Pakistan warns India against attack

Pakistani people watch the television as Prime Minister Imran Khan speaks to the population about the suicide bombing in Indian-administered Kashmir that happened on February 14, in Islamabad on February 19, 2019Image copyright

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In a televised address, Mr Khan called on India to provide evidence to support its claims that Pakistan was involved

Pakistan PM Imran Khan says his country will retaliate if India takes military action against it in the aftermath of last week’s suicide attack on Indian forces in Indian-administered Kashmir.

In a televised address, he also called on India to provide evidence to support its claims that Pakistan was involved.

More than 40 members of India’s security forces died in Thursday’s suicide bombing.

A Pakistan-based militant group, Jaish-e-Mohammad, said it was behind it.

The attack has raised tensions between nuclear-armed India and Pakistan, who have fought two wars and a limited conflict in the region.

In his first comments addressing the Kashmir militant attack, Mr Khan said India should “stop blaming Pakistan without any proof or evidence” and said that only dialogue could help solve issues in Kashmir.

“Any adventurism on the part of India to threaten the sovereignty of Pakistan will be met with assured retaliation,” he said.

Mr Khan said he had not addressed the attack earlier because of Saudi Crown Prince Mohammed bin Salman’s high-profile visit to Pakistan over the weekend.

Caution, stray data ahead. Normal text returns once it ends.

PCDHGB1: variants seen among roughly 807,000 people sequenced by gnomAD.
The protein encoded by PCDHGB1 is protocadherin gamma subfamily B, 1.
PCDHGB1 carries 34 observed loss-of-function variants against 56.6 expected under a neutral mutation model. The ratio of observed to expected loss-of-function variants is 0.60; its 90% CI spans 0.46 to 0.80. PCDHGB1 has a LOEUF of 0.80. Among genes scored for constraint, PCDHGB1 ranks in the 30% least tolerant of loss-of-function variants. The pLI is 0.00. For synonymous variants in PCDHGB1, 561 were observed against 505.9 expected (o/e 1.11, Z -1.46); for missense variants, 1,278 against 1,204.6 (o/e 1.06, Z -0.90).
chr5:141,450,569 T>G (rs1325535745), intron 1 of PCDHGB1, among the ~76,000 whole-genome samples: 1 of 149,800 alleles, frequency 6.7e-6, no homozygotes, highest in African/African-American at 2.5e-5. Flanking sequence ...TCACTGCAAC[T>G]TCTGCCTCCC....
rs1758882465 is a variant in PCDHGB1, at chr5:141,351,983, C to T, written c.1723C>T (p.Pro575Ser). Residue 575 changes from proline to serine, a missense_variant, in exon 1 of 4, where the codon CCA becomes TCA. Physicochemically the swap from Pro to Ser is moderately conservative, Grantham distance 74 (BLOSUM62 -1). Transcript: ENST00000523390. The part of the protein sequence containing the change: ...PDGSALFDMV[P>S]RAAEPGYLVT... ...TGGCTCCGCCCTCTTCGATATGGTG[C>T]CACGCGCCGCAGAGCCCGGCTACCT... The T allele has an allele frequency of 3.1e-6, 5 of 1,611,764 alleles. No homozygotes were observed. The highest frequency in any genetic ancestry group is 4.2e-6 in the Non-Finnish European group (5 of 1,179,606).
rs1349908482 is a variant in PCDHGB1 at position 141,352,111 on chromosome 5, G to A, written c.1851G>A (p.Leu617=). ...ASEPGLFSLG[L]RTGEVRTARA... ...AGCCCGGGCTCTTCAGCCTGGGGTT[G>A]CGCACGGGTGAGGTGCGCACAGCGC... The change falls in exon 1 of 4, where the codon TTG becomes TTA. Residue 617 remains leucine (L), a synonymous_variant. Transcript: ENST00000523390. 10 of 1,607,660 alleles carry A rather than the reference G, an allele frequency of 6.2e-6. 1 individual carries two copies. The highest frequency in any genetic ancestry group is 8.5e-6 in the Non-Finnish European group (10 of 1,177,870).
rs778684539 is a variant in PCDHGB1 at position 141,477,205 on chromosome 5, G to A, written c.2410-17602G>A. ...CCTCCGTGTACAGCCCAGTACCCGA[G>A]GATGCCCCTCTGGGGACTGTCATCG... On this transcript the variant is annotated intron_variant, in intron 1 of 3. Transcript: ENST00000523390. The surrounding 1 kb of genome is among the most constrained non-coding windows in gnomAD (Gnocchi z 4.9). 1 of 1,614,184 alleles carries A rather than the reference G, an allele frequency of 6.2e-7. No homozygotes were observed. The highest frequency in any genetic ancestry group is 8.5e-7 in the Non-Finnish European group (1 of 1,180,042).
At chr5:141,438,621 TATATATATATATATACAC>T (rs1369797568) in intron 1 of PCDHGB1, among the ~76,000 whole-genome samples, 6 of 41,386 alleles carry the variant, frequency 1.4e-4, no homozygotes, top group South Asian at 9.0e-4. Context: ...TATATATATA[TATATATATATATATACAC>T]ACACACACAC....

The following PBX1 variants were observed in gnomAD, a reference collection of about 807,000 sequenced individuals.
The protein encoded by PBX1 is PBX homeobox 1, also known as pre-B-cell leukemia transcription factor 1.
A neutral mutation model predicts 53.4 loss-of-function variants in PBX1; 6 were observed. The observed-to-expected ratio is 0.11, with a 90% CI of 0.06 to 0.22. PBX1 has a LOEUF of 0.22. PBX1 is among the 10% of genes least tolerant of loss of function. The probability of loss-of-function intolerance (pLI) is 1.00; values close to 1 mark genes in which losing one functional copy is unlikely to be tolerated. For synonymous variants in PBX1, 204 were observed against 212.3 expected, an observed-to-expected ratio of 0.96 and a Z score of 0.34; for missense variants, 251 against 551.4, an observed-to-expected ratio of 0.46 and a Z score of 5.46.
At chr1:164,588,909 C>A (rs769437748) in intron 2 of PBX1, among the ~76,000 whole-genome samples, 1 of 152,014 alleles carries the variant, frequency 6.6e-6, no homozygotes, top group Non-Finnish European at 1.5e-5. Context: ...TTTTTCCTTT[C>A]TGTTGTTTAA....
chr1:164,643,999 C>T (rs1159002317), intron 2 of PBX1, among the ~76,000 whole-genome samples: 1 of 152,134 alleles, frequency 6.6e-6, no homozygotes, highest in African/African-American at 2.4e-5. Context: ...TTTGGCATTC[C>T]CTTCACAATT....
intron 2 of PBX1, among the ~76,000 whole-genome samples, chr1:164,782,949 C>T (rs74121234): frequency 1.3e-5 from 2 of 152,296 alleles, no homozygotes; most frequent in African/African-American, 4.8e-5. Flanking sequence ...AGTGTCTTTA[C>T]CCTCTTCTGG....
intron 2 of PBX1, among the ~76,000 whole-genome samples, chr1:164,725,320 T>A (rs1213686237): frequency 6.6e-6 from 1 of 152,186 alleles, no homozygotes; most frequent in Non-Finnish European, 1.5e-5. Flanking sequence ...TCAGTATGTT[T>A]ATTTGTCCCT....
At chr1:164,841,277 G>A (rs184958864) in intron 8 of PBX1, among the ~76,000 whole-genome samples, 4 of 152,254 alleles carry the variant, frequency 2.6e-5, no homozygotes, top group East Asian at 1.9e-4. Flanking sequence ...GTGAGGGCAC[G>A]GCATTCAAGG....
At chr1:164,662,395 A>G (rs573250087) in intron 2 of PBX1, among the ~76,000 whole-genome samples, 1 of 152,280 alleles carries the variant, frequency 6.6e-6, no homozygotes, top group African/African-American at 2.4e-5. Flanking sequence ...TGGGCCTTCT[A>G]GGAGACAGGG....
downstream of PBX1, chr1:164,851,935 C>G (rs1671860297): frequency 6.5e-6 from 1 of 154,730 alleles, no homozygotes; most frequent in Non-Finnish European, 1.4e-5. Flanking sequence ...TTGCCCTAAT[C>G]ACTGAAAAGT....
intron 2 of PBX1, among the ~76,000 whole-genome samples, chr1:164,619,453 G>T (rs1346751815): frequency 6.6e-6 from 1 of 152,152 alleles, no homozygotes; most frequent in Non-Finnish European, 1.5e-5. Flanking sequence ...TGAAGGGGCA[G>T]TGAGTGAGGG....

The Pakistani premier, who was elected last year, said his government was ready to cooperate with Delhi in investigating the attack.

Mr Khan said India needed to “introspect” on causes of violence in Kashmir, and realise that there could be “no military solution”.

Earlier on Tuesday, India’s top military commander in Kashmir accused Pakistan’s Inter-Services Intelligence (ISI) spy agency of “controlling” last week’s attack.

“It was being controlled from across by ISI and Pakistan and Jaish-e-Mohammad commanders,” Lieutenant-General KJS Dhillon said of the bomb attack. He did not not provide any proof for his accusation but India has long accused Pakistan of backing militant separatists in Indian-administered Kashmir.

The suicide bomber who carried out last Thursday’s attack has been identified as a young man from Indian-administered Kashmir. On Monday India killed three militants in a gun battle that it said were members of Jaish-e-Mohammad. Four Indian soldiers and a policeman died in the gunfight.

Both India and Pakistan claim all of Muslim-majority Kashmir, but control only parts of it.

Thursday’s bombing of the convoy was the deadliest attack on Indian forces in the region for decades.

Pakistan has strongly denied any role but India has accused the state of being complicit and vowed to isolate its neighbour internationally.

So far India has focused on retaliation by economic and diplomatic means. It has revoked Pakistan’s Most Favoured Nation trading status and raised customs duties to 200%.

Both countries have recalled top diplomats.

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